Labour’s ‘inhumane’ Mental Health Bill
There is no presumption of innocence in this Bill, and it effectively creates a psychiatric asbo; it will deprive ‘offenders’ of their liberty because the greater good lies in the protection of society. It is not that they have done anything wrong; merely that they are more likely to. The Labour peer Lord Bragg observes: ‘It would be cowardly of the Government to allow its policy to be driven by tabloid hysteria about the very, very rare, though of course deeply regrettable, incidences of murder and assault committed by people with severe mental health problems. The way to cure that is to improve probation and not resort to lock-them-up legislation, which is inhumane, inefficient and, above, all unfair.’
In his essay On the Character of a Modern European State, Michael Oakeshott observed the two modes of association known to Roman law – societas and universitas. Intrinsic to the former are democratic institutions and participation, while the latter lays an emphasis on centralised government and teleological leadership - at whose extreme lies totalitarianism. In the absence of a codified constitution, the United Kingdom has developed over the centuries the notion of ‘reasonableness’ in coordinating the workings of the state, and societas has prevailed. But we are no longer dealing with a reasonable government. We are dealing with one that is failing to respect traditional constitutional values of justice and balance. This government believes less in participative democracy than in governing as an exercise in domination. With each increasingly authoritarian proposal, they remove a constitutional safeguard or gather more power to the executive. Societas is supplanted with universitas, and our liberties are diminished incrementally.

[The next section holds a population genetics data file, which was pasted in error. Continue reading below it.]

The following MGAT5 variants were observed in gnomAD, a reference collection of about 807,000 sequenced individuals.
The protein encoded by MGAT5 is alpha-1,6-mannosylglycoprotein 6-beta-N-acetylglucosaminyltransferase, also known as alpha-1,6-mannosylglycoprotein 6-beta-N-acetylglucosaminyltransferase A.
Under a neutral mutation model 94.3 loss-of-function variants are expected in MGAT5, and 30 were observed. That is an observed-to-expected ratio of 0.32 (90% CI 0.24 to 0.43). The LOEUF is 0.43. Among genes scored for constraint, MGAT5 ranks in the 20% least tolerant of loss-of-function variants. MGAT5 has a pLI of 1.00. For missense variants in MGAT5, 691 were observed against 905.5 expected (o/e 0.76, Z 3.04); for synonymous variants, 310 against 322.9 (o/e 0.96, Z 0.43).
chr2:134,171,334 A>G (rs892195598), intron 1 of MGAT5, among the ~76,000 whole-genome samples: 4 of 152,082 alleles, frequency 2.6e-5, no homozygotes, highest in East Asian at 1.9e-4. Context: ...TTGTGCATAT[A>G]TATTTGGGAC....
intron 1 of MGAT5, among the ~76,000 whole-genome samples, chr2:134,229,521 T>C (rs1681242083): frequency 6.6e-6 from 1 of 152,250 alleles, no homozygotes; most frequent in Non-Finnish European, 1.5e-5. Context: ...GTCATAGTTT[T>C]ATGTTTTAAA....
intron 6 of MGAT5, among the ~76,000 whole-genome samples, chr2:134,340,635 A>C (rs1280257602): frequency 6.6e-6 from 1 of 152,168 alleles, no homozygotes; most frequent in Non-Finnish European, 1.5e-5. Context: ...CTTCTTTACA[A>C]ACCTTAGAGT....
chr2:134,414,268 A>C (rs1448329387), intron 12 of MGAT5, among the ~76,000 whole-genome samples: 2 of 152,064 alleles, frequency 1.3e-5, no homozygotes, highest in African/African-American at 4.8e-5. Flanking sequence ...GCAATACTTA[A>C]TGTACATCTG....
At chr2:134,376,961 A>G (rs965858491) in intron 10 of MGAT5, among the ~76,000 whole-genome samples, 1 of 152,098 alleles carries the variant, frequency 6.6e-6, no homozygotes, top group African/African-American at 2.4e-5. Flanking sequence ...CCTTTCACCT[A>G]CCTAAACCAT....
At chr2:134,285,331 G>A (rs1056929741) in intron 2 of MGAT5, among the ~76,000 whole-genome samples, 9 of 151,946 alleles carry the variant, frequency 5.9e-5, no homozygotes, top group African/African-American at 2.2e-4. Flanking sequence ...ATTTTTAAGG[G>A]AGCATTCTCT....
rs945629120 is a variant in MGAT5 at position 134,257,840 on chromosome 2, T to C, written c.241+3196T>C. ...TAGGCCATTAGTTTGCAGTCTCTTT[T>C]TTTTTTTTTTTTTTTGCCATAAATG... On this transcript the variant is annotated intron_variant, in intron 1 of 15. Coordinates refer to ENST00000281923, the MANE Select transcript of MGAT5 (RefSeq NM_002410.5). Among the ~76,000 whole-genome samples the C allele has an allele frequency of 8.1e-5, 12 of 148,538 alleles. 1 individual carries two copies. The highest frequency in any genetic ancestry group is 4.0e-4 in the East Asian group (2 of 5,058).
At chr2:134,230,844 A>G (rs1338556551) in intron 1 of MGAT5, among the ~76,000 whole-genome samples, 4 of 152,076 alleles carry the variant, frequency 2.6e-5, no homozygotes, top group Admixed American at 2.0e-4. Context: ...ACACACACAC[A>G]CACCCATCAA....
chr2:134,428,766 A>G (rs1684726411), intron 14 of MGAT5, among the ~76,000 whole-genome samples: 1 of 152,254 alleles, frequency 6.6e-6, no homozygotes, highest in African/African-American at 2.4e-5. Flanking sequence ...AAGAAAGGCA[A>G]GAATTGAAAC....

Perhaps the most insidious aspect of the Mental Health Bill is that the ‘lock-them-up-legislation’ extends to children. The charity Young Minds says that 1000 children a year are admitted to adult mental health wards, ‘putting them at risk of physical and sexual abuse’. Unlike the prison system, there is no mental-health equivalent of a young offenders’ institution, and so there is no acknowledgement that their treatment may need to be quite different from that meted out to adults.
The Government needs to think again on this one, not least because of the ‘mental health time-bomb’ which is latent in our everyday lives. Apparently, the risk to our brains from the preponderance of wireless networks is every bit as dangerous as the radiation emitted from mobile phones. It is not only airports, coffee shops, or schools which have radio networks, but whole cities are adopting the technology, subjecting unwitting populations to an ‘electronic smog’ which increases the likelihood of brain tumours. A recent authoritative Swedish study has also found that the radiation kills off brain cells, ‘which could lead to today's younger generation going senile in their forties and fifties’.
Senile at forty? What will the Government do? Lock them all up? Won’t prison overcrowding soon be followed by asylum overcrowding?
Better, perhaps, to put them in Parliament, where their mental deficiencies are unlikely to be distinguishable from those of the present inmates.